Next year’s Fife Festival of Music has been called off amid coronavirus safety fears.
Organisers said they had decided “with great regret and sadness” to cancel the 2021 event due to ongoing uncertainty surrounding the covid pandemic.
The two-week festival attracts hundreds of musicians from across Fife, including school children and adults, and has been running for 40 years.
Chairman Graeme Wilson said it would be inappropriate to pursue arrangements for the 41st event in February.
He said the decision would affect music-making, participation and fulfilment of the festival’s purpose.
“Everyone’s safety is of paramount importance,” he said.
“Planning for the main January/February festival starts in the spring of the previous year and by mid-August, all initial arrangements are in place.
“With so much uncertainty over so many aspects of life, with doubts over the long-term impact of social distancing, the behaviour of the virus itself, with question marks over the availability of venues and, in particular, the great pressures on schools and their work, the committee considered it inappropriate and impractical to pursue arrangements for February 2021.”
All Fife schools, many previous adult group entrants, venues, stewards and sponsors have been informed of the decision.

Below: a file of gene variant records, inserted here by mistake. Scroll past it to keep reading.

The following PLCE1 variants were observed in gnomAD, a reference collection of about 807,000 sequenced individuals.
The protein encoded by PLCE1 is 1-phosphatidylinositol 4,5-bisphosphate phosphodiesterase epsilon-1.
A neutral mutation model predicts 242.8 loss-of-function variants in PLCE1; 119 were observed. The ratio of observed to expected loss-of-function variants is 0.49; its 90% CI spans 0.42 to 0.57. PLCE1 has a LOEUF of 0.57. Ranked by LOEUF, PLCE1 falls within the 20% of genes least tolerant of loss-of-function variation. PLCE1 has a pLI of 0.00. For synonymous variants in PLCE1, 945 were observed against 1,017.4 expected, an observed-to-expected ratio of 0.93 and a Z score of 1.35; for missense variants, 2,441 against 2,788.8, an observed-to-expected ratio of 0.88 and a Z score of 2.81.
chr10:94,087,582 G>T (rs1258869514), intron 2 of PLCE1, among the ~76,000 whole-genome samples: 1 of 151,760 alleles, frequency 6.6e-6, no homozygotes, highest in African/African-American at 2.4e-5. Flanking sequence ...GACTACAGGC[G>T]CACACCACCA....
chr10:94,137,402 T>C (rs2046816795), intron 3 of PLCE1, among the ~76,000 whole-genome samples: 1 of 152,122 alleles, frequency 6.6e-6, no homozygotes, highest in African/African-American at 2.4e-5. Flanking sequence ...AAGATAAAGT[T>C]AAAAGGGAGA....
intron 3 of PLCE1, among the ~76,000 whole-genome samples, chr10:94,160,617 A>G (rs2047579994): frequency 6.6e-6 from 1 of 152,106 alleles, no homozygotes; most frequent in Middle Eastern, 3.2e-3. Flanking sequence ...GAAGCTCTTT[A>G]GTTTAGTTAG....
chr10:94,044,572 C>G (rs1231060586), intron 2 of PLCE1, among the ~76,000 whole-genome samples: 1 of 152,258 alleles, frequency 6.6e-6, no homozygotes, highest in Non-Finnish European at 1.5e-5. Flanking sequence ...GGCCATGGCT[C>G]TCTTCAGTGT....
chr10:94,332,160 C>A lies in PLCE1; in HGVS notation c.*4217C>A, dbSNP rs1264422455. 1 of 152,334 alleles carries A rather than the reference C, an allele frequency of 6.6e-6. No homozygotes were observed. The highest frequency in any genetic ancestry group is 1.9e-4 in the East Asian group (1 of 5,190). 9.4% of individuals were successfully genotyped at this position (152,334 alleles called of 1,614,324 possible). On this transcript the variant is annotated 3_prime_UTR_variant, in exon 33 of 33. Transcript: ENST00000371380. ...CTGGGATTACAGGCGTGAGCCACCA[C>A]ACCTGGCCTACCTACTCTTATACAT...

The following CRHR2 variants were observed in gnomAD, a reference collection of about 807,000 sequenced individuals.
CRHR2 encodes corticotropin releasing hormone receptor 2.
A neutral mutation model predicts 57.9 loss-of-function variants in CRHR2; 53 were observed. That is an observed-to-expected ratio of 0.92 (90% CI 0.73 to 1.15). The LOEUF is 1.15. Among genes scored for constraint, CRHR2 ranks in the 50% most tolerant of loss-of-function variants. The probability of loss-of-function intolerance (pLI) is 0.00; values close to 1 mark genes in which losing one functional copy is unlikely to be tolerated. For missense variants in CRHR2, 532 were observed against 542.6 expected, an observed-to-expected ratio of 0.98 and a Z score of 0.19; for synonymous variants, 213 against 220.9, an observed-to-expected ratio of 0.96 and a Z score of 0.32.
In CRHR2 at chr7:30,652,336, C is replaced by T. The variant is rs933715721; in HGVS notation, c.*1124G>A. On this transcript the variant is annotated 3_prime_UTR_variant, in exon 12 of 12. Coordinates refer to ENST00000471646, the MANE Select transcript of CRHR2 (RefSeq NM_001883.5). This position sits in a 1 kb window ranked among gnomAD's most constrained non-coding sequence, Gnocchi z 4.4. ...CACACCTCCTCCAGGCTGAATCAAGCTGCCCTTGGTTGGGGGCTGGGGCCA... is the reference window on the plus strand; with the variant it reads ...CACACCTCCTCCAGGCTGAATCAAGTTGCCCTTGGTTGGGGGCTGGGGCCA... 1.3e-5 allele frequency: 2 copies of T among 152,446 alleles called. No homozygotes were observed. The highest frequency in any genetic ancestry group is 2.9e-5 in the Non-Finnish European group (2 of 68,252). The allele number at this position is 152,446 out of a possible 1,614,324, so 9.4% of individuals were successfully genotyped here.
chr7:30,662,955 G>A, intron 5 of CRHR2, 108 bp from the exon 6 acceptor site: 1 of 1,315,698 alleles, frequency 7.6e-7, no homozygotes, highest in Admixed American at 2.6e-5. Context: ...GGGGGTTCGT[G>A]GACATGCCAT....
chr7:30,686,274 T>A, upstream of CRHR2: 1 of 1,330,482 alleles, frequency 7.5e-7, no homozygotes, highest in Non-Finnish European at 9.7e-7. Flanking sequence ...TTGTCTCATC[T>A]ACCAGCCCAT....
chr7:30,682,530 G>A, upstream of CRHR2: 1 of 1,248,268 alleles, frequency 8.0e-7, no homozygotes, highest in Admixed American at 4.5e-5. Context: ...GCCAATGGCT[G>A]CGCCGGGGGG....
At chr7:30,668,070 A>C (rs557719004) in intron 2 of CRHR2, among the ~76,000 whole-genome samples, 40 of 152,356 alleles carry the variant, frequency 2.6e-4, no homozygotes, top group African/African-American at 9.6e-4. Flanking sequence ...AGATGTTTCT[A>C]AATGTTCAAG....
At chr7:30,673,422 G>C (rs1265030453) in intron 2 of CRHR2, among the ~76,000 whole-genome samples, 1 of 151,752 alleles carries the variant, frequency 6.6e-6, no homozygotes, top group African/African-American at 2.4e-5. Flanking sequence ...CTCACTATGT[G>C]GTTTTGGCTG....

Mr Wilson added: “The festival committee wishes to offer its thanks to all who participate and contribute to events and expresses its hope that there is full understanding of and sympathy with its decision.
“Be assured that the festival will be back in 2022 and will be seeking support in whatever form possible.”
The festival is mainly held in the Adam Smith Theatre, Kirkcaldy, with additional sessions organised at Carnegie Hall in Dunfermline and Cupar Corn Exchange.
It has encouraged generations of Fifers to get involved in music, with participants taking part in competitive and non-competitive classes in a range of disciplines, from solo instrumentalists to choirs and orchestras.
It originally ran in the 1920s and 30s but ceased before the Second World War.
It was revived by a group of local musicians in 1981 and has operated every year since.